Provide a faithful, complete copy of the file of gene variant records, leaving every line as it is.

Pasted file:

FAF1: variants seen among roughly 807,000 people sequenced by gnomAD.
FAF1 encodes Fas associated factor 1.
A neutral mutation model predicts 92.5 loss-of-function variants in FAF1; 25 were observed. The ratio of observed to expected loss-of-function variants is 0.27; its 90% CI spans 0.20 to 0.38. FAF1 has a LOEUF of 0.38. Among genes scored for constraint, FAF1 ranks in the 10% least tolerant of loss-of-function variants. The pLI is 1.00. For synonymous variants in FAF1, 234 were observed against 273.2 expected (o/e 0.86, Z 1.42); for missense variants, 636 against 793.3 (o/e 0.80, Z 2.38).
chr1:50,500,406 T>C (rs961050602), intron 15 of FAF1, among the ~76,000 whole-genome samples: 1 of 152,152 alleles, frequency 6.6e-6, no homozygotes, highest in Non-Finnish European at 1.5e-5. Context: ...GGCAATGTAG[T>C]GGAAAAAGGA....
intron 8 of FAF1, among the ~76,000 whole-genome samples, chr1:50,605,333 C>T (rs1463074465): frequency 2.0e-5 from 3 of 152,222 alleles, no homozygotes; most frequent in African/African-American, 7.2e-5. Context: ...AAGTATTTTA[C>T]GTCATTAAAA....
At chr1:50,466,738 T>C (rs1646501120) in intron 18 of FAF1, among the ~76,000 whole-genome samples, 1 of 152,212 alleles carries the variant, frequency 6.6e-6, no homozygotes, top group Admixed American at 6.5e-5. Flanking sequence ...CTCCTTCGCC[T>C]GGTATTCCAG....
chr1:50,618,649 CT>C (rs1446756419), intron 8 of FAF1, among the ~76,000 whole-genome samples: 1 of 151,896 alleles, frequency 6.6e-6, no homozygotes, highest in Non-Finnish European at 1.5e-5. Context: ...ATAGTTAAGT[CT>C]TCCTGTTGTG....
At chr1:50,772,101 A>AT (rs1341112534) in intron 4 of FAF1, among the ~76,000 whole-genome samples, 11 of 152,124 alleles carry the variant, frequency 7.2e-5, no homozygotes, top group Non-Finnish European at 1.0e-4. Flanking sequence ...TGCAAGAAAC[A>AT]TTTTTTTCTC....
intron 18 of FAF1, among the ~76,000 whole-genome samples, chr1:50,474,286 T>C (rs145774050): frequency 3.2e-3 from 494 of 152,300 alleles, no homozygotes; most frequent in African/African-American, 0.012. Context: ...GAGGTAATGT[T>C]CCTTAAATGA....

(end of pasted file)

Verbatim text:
FAF1: variants seen among roughly 807,000 people sequenced by gnomAD.
FAF1 encodes Fas associated factor 1.
A neutral mutation model predicts 92.5 loss-of-function variants in FAF1; 25 were observed. The ratio of observed to expected loss-of-function variants is 0.27; its 90% CI spans 0.20 to 0.38. FAF1 has a LOEUF of 0.38. Among genes scored for constraint, FAF1 ranks in the 10% least tolerant of loss-of-function variants. The pLI is 1.00. For synonymous variants in FAF1, 234 were observed against 273.2 expected (o/e 0.86, Z 1.42); for missense variants, 636 against 793.3 (o/e 0.80, Z 2.38).
chr1:50,500,406 T>C (rs961050602), intron 15 of FAF1, among the ~76,000 whole-genome samples: 1 of 152,152 alleles, frequency 6.6e-6, no homozygotes, highest in Non-Finnish European at 1.5e-5. Context: ...GGCAATGTAG[T>C]GGAAAAAGGA....
intron 8 of FAF1, among the ~76,000 whole-genome samples, chr1:50,605,333 C>T (rs1463074465): frequency 2.0e-5 from 3 of 152,222 alleles, no homozygotes; most frequent in African/African-American, 7.2e-5. Context: ...AAGTATTTTA[C>T]GTCATTAAAA....
At chr1:50,466,738 T>C (rs1646501120) in intron 18 of FAF1, among the ~76,000 whole-genome samples, 1 of 152,212 alleles carries the variant, frequency 6.6e-6, no homozygotes, top group Admixed American at 6.5e-5. Flanking sequence ...CTCCTTCGCC[T>C]GGTATTCCAG....
chr1:50,618,649 CT>C (rs1446756419), intron 8 of FAF1, among the ~76,000 whole-genome samples: 1 of 151,896 alleles, frequency 6.6e-6, no homozygotes, highest in Non-Finnish European at 1.5e-5. Context: ...ATAGTTAAGT[CT>C]TCCTGTTGTG....
At chr1:50,772,101 A>AT (rs1341112534) in intron 4 of FAF1, among the ~76,000 whole-genome samples, 11 of 152,124 alleles carry the variant, frequency 7.2e-5, no homozygotes, top group Non-Finnish European at 1.0e-4. Flanking sequence ...TGCAAGAAAC[A>AT]TTTTTTTCTC....
intron 18 of FAF1, among the ~76,000 whole-genome samples, chr1:50,474,286 T>C (rs145774050): frequency 3.2e-3 from 494 of 152,300 alleles, no homozygotes; most frequent in African/African-American, 0.012. Context: ...GAGGTAATGT[T>C]CCTTAAATGA....